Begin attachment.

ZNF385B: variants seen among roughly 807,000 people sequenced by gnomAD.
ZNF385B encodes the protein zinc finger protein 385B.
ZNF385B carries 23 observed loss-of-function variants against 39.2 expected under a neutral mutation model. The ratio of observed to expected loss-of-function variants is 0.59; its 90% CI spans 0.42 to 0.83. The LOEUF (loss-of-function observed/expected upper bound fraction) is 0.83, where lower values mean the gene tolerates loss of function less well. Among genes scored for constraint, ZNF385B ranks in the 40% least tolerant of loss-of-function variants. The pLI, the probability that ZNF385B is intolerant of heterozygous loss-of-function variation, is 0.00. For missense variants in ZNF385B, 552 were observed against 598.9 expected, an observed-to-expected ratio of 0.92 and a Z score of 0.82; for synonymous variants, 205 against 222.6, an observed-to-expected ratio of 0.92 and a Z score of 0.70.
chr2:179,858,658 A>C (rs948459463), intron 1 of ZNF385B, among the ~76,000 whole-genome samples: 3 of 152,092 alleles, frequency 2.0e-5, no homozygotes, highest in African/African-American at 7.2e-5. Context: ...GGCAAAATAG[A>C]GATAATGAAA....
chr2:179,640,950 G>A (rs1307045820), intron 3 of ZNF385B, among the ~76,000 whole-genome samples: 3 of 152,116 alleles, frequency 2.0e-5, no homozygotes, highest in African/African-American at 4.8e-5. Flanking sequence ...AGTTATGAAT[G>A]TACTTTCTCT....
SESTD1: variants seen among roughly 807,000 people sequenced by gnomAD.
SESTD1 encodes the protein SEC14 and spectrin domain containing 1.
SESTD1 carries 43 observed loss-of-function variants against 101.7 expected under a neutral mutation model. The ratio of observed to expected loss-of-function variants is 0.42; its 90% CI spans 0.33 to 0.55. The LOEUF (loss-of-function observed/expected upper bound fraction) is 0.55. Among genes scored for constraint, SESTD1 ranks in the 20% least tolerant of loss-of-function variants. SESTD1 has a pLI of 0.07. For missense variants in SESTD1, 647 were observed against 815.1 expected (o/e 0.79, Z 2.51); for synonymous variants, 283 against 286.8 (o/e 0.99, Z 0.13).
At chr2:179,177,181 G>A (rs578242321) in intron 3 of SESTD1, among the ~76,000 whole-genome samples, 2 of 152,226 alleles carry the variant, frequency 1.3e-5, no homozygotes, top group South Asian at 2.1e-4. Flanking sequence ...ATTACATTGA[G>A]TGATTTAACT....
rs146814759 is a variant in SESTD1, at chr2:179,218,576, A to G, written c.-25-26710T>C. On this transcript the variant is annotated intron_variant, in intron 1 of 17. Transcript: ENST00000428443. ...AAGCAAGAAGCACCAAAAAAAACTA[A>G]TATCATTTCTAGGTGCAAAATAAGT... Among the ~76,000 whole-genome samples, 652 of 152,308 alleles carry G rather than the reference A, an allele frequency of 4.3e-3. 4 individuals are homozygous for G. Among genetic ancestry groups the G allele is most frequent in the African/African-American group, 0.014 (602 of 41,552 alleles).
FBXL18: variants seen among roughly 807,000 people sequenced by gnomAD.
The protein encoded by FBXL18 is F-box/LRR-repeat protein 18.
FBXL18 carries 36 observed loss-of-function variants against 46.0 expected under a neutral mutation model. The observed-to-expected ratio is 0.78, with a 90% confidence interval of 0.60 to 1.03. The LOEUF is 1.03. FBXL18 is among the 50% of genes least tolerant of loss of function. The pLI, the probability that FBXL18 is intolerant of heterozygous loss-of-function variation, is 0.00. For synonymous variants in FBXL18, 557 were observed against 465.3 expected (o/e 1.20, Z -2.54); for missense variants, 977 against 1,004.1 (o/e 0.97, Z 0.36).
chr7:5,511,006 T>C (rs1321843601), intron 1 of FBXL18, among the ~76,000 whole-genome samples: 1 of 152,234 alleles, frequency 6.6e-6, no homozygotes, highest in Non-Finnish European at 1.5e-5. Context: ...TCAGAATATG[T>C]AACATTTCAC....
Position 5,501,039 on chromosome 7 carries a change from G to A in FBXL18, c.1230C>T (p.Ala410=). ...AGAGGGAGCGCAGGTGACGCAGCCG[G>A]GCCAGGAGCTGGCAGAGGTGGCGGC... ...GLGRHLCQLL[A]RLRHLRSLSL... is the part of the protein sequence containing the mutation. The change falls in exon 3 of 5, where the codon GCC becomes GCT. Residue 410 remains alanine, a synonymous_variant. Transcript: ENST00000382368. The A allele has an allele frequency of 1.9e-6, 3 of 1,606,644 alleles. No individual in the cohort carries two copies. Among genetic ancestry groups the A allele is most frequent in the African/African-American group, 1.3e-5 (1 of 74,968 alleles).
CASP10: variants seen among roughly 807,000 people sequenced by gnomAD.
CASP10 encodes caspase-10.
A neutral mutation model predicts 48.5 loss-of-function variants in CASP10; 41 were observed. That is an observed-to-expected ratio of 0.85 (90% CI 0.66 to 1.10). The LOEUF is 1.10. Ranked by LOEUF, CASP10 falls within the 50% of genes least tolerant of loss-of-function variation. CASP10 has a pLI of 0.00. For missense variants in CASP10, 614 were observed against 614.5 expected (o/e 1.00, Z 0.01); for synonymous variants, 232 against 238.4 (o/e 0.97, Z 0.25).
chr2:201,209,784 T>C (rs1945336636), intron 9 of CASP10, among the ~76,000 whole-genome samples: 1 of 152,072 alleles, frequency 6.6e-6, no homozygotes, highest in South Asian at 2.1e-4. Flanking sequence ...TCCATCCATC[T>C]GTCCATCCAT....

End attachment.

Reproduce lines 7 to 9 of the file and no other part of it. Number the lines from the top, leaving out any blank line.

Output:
SESTD1 encodes the protein SEC14 and spectrin domain containing 1.
SESTD1 carries 43 observed loss-of-function variants against 101.7 expected under a neutral mutation model. The ratio of observed to expected loss-of-function variants is 0.42; its 90% CI spans 0.33 to 0.55. The LOEUF (loss-of-function observed/expected upper bound fraction) is 0.55. Among genes scored for constraint, SESTD1 ranks in the 20% least tolerant of loss-of-function variants. SESTD1 has a pLI of 0.07. For missense variants in SESTD1, 647 were observed against 815.1 expected (o/e 0.79, Z 2.51); for synonymous variants, 283 against 286.8 (o/e 0.99, Z 0.13).
At chr2:179,177,181 G>A (rs578242321) in intron 3 of SESTD1, among the ~76,000 whole-genome samples, 2 of 152,226 alleles carry the variant, frequency 1.3e-5, no homozygotes, top group South Asian at 2.1e-4. Flanking sequence ...ATTACATTGA[G>A]TGATTTAACT....